The cichlid species Oreochromis niloticus, Sarotherondon galilaeus, and Coptodon zillii, which are among the most exploited resources in the small-scale fisheries of the Tono, Bontanga, and Golinga reservoirs in northern Ghana, were assessed based on length frequency samples. Growth, mortality, exploitation status, stock size, and relative yield per recruit reference points were determined using bootstrapping fish stock assessment (BFSA), a novel framework that allows for the estimation of uncertainties around the life-history parameters and reference levels (e.g., L∞, K, and F0.1). The results suggest that the 3 species studied are heavily exploited in all 3 reservoirs, but with no alarming signs of overexploitation. The fishing effort at Golinga is comparatively low as a result of insignificant fishing during the agriculture season, which relates to low exploitation rates. Sarotherondon galilaeus and C. zillii have the highest and lowest biomass (t/km2) respectively in all the 3 reservoirs. The small shallow reservoir (Golinga) has the highest biomass of the target resources per unit area. According to a second assessment approach, based on length-based indicators, all species at Bontanga and O. niloticus and S. galilaeus populations at Golinga have spawning stock biomasses below 40% of the unfished biomass. This points to a situation of a possible ongoing recruitment overfishing of those species in the 2 reservoirs and suggests that a further increase in fishing effort should be prevented. Further monitoring of these fisheries will be needed for the improvement of assessments and thus management advice.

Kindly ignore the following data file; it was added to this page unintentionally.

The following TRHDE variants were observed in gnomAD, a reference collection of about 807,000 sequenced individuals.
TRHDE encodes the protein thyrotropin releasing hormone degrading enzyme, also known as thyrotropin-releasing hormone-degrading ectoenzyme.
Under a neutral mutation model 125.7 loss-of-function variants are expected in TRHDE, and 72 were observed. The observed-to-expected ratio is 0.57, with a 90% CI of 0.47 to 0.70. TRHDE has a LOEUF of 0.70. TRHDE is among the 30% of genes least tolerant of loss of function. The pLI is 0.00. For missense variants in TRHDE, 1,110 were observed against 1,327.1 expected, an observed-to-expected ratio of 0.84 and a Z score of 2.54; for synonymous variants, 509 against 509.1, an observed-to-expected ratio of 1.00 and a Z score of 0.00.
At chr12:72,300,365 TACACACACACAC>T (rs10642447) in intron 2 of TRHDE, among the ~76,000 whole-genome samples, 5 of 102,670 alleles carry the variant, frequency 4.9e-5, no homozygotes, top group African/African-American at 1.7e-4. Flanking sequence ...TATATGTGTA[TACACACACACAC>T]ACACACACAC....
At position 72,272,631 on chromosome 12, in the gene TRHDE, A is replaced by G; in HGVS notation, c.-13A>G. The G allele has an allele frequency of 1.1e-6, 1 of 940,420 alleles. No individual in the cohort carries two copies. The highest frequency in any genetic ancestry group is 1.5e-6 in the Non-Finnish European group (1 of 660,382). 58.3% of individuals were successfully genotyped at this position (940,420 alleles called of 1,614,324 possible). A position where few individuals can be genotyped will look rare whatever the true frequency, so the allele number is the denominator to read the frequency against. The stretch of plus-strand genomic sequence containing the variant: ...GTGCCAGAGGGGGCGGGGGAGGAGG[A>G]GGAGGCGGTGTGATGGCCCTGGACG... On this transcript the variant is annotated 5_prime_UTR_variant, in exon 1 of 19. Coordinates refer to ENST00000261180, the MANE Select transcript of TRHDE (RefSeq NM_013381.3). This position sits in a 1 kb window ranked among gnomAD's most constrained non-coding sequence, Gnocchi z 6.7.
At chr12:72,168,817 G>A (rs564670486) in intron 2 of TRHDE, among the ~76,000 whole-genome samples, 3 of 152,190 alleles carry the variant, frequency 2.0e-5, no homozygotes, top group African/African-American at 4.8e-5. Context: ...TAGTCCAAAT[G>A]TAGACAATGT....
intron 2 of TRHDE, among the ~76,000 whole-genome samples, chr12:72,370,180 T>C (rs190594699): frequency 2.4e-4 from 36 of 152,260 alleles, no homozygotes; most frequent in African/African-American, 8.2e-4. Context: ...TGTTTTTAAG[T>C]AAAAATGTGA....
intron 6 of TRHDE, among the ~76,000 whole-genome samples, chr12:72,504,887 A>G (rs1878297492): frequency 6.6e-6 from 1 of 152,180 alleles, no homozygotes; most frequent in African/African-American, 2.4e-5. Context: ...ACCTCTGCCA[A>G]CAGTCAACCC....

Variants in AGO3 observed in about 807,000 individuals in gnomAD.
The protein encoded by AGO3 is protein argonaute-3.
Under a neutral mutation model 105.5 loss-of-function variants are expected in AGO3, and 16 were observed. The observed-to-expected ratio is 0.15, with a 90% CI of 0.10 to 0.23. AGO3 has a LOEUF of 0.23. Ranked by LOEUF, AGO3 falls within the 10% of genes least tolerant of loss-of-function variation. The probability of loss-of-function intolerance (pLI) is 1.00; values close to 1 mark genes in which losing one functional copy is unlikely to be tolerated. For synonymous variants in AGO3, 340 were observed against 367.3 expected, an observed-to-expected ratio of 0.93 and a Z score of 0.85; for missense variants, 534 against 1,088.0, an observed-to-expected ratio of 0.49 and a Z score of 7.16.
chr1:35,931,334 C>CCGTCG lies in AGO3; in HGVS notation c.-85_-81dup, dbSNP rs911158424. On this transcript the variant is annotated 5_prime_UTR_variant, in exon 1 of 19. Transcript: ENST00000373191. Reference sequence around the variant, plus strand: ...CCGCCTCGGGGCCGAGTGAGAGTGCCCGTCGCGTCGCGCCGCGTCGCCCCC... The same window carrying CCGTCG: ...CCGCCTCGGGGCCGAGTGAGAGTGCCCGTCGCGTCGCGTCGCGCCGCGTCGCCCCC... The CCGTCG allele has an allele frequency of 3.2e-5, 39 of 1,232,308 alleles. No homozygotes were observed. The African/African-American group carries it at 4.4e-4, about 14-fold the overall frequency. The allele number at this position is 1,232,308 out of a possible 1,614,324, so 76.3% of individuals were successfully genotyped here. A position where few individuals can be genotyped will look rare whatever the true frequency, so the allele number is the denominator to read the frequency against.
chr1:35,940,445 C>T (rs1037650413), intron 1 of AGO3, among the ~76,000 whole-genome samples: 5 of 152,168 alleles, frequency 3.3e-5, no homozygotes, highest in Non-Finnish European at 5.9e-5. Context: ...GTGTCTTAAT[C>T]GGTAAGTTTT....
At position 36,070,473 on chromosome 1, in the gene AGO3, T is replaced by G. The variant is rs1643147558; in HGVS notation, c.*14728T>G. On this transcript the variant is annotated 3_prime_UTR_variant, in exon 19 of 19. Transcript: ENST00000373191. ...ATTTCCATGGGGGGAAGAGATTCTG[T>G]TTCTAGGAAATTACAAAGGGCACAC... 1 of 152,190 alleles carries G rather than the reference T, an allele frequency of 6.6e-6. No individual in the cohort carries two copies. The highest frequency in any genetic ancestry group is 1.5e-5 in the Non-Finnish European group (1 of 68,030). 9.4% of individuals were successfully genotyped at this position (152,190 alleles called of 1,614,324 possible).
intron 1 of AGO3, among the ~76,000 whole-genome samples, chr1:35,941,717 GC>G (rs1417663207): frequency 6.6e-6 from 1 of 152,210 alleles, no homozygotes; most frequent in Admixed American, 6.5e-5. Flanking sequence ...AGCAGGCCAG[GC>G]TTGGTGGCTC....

- Length-based indicators
- Stock assessment